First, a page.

Drag racing is a reasonably simple case. The cars might be going fast, but the direction and speed is quite predictable. It's a completely different kettle of fist to motorbike road racing. I have a Z6 and have found it to be no good at all for that. But it is individual. The problem is with something called proprioception, the ability to predict location and movement. The  EVF delay, which is unavoidable, interferes with the neural feedback loops on which this depends, and can make them completely unstable. Whether or not it does depends on the individual. That's why I hesitate to say that an EVF is fine or is no good, you can't predict for someone else. I suspect that the newer EVFs will shorten the delay to the point where it is outside the problem range for most people.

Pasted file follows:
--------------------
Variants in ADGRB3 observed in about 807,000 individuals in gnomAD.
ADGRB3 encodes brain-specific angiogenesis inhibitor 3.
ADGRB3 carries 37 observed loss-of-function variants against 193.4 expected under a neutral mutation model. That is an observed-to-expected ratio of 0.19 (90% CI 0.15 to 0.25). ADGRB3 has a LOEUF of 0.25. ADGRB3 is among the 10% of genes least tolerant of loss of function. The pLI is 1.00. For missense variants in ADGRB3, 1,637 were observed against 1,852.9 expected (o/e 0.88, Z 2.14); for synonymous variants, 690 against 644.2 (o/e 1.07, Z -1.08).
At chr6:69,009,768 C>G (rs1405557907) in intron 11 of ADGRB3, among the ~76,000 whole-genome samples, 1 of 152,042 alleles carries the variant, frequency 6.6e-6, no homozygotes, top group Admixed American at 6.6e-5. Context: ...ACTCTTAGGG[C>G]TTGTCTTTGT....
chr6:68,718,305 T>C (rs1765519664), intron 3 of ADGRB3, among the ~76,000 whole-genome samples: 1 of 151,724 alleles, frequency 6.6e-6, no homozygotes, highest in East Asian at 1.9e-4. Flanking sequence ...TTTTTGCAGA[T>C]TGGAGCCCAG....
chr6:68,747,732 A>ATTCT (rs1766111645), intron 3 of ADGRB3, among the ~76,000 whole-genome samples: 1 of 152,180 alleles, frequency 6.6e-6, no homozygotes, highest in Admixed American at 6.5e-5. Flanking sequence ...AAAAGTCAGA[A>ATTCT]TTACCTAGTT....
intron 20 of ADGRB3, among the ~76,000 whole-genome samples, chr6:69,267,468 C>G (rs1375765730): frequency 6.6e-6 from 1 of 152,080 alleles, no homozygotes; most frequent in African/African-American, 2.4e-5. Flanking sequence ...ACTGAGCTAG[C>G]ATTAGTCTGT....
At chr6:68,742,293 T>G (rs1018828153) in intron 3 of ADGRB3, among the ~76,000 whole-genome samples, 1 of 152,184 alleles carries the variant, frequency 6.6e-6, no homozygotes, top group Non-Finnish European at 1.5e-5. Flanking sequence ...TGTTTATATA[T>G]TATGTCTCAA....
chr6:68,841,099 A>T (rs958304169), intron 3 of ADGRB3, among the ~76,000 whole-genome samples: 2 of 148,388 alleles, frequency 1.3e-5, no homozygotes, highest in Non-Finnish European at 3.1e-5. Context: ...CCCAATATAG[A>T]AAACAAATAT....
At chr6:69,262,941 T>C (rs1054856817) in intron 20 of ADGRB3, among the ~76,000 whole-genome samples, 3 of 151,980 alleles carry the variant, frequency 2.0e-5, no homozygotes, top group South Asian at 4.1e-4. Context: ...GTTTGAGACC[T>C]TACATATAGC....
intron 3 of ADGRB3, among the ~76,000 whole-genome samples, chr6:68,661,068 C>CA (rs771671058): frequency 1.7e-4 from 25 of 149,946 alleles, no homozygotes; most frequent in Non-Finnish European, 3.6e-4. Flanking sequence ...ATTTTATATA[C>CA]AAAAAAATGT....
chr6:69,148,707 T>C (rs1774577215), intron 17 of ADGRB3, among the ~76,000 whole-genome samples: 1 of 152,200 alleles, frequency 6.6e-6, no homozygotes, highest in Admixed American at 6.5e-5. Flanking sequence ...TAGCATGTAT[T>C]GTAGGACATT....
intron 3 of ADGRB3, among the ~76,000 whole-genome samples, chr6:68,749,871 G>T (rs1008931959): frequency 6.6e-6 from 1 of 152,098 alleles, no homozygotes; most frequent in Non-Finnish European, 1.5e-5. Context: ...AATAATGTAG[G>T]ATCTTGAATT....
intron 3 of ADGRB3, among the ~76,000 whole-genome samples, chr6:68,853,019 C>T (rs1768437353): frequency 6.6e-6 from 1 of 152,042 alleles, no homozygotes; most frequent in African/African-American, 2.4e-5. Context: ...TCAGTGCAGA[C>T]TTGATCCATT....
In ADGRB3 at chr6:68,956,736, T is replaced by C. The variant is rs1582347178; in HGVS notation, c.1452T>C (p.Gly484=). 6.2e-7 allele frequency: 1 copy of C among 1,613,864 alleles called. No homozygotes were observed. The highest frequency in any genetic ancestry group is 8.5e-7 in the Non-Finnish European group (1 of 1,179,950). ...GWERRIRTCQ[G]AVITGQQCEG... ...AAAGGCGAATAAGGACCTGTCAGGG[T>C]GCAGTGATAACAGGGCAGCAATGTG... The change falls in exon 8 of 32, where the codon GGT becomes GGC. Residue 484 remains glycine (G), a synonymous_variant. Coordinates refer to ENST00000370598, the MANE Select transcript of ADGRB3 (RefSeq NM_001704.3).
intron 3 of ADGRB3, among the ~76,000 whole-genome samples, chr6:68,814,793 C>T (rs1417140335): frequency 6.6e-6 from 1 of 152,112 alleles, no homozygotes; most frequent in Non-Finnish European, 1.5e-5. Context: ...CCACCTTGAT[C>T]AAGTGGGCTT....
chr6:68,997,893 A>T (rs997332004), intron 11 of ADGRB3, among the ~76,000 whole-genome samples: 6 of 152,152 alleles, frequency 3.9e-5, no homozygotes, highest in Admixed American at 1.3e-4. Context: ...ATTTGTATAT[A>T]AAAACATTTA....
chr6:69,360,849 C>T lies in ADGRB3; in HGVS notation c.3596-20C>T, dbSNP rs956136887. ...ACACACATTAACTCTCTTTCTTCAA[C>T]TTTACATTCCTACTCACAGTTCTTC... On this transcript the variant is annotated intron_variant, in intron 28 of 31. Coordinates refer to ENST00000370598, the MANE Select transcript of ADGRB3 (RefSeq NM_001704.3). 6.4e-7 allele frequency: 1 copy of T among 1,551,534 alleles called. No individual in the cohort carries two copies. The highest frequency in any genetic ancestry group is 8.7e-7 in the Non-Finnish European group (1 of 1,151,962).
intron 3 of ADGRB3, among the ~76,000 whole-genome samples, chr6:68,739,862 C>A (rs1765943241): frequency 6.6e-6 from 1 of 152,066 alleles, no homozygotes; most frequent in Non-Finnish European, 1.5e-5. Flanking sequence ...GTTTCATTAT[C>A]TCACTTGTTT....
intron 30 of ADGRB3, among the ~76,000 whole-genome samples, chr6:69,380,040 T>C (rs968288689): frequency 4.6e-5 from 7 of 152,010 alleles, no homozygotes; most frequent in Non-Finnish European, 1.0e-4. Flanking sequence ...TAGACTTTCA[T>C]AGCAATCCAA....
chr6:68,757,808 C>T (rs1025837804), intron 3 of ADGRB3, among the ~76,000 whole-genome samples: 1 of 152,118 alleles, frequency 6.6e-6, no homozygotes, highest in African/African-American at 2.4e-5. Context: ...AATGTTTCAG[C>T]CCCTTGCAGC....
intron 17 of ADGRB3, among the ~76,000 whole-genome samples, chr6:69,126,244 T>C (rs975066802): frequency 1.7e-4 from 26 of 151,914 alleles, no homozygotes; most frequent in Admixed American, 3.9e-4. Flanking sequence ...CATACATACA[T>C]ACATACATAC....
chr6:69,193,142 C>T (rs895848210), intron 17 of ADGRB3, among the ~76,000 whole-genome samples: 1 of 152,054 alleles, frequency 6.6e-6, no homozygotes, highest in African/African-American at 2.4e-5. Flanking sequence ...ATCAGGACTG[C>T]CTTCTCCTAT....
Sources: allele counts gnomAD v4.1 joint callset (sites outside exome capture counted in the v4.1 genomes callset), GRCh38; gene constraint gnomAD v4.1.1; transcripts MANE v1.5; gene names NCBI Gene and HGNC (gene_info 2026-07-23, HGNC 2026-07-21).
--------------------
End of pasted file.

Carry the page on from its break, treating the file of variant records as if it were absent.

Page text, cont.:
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Jestertheclown
Jestertheclown Veteran Member • Posts: 3,766
Re: Best point-and-shoot camera for motorbike racing

bobn2 wrote:

Drag racing is a reasonably simple case. The cars might be going fast, but the direction and speed is quite predictable. It's a completely different kettle of fist to motorbike road racing.

Sorry but as a one-time drag racer and circuit racer (on motorcycles) and veteran spectator at many years of motorcycle GPs., I can't agree with that.

Drag racers may only travel in one direction but the speed and behaviour of the vehicles is anything but predictable.

In fact, I'd go so far as to say that a motorcycle, heading into a corner is much more so. Particularly, if you know how to ride one and can understand what the rider's doing.